London Clash: A Clash in the City


As an American, that’s probably the first question on your mind. What really induced the people of London to transform into demolition machines hurling Molotov cocktails, breaking open shop windows and attacking their fellow Englishmen?

Unfortunately, the answer is not just simple cause and effect. The story floating around the media earlier on, before the riots really escalated, was that the riots were in response to a police shooting. Police in Tottenham had fired upon an armed drug dealer, leading to vehement anger towards police in the region. This anger in turn took form in  all-out rioting. This explanation, however, was suddenly downplayed by the media and the government. It was later revealed that the dealer had in no way attempted to fire upon police, but had simply stuffed his gun into his pocket and ran. The police officers, with good intentions, had shot him down. Still, it’s hard to shoot a man who clearly has no intention of shooting you and still come off as a hero.

So that’s part of it. In fact, that incident may very well have led to the first riot. But it takes more than a police shooting to cause violence and chaos of that scale. That event was merely a catalyst, the final straw. All over England, pressure had been building like a bubble waiting to burst. All over London, there is a “lower class” of people, the unemployed and disenfranchised, who believe they have no say in the government, who feel that they are going nowhere. These people are the youth. Ranging from ages 15-25, they waste about in slums and urban catastrophes with nothing better to do than start a riot. One in six Britons live in government-sponsored housing. These people count on the government, and in their eyes, the government couldn’t care less about them.

If you want to understand this, you may want to catch “Attack the Block,” at your local movie theater. It finished production and was released less than a month before the riots started, and was filmed in many of the places where riots took place. It seems like an obscure reference, as the movie is supposed to be about aliens, but the film itself really presents a picture-perfect view of the relationship between these youths and the police. They have a total lack of respect for authority, a hatred of the wealthy and the government, and all the time in the world to do whatever they please.

In other words, they’re the perfect mob force, as long as something mobilizes them.

And if you’ve watched any of the riot footage, you know exactly what I’m talking about. The camera shows three or four policemen in riot gear, trying to calm down a large group of youths in front of a store. Two young men, dressed in all black with bright white shoes, begin to advance on the police, yelling threats, tossing garbage and hollering vague chants. “Fight! Fight! Get ‘em! Get ‘em!” The change is sudden and dramatic. Instantly, these two men are backed by hundreds of rioters, rushing toward the police with raised fists and ad hoc weaponry. The police didn’t stand a chance.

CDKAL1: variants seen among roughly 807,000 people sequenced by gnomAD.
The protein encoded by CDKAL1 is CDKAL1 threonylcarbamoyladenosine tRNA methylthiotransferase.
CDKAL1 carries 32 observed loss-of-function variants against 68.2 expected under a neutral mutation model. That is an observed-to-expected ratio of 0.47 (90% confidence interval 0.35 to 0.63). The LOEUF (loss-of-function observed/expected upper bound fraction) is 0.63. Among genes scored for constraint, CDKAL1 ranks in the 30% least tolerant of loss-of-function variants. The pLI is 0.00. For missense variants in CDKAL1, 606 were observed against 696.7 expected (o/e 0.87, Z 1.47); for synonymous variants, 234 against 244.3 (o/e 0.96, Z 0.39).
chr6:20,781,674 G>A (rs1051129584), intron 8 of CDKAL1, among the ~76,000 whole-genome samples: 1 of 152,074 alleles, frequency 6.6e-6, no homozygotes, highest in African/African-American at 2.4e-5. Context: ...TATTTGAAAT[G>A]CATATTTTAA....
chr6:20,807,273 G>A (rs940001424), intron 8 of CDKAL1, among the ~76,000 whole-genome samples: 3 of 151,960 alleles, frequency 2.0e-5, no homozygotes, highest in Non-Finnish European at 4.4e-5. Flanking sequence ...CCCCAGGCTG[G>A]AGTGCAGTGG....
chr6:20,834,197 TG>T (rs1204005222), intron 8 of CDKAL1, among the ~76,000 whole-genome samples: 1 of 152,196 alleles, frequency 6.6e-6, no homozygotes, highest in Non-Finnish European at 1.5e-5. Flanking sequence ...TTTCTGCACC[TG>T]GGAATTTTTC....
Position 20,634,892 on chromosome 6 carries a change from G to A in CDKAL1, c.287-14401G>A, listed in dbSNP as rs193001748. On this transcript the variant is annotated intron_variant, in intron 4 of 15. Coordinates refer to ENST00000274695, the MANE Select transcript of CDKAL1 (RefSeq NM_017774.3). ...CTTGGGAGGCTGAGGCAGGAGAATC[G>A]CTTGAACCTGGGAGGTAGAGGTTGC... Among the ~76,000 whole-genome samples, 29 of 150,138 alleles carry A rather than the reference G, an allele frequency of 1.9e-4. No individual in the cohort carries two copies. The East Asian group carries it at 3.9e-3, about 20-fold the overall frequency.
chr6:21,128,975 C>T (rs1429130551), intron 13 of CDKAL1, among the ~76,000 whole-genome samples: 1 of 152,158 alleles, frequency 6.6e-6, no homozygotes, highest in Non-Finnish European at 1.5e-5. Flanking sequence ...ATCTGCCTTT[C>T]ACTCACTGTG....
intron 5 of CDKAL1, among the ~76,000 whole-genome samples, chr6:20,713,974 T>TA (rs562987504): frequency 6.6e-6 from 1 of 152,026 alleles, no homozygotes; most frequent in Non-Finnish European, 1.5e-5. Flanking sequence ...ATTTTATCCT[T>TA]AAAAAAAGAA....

All of this is truly despicable human action. This looting and rioting should in no way be supported or cheered on. But look at it from their perspective, and look how the government has reacted: harsher sentences than ever, punishing the families of rioters, limiting the freedom of whole regions by shutting down Internet access, and treating people who were pushed to the brink as though they were first-degree murderers.  It was a scene more likely to come out of Iran or Tahrir Square. The British government blames the riots on ‘moral decay’ and seeks to restrict social services even more than before. The prime minister views these people as second-class citizens because of their criminal activity, but perhaps causation is reversed.

These people have had no power, no future and no hope for the past decade. The youth have grown up hating their government, knowing that their government has cared little for their lives or their safety. Suddenly, with the onset of these riots, this class of disrespected, helpless youths find themselves with a tremendous amount of power in their hands. And they flex it in the only way that they know: crime. Vandalism, shoplifting, assault. All of this committed in the name of a vague, personal hope for more than what they had.

To them, riot looks like revolution.

Ryan Cady is a second-year psychology major. He can be reached at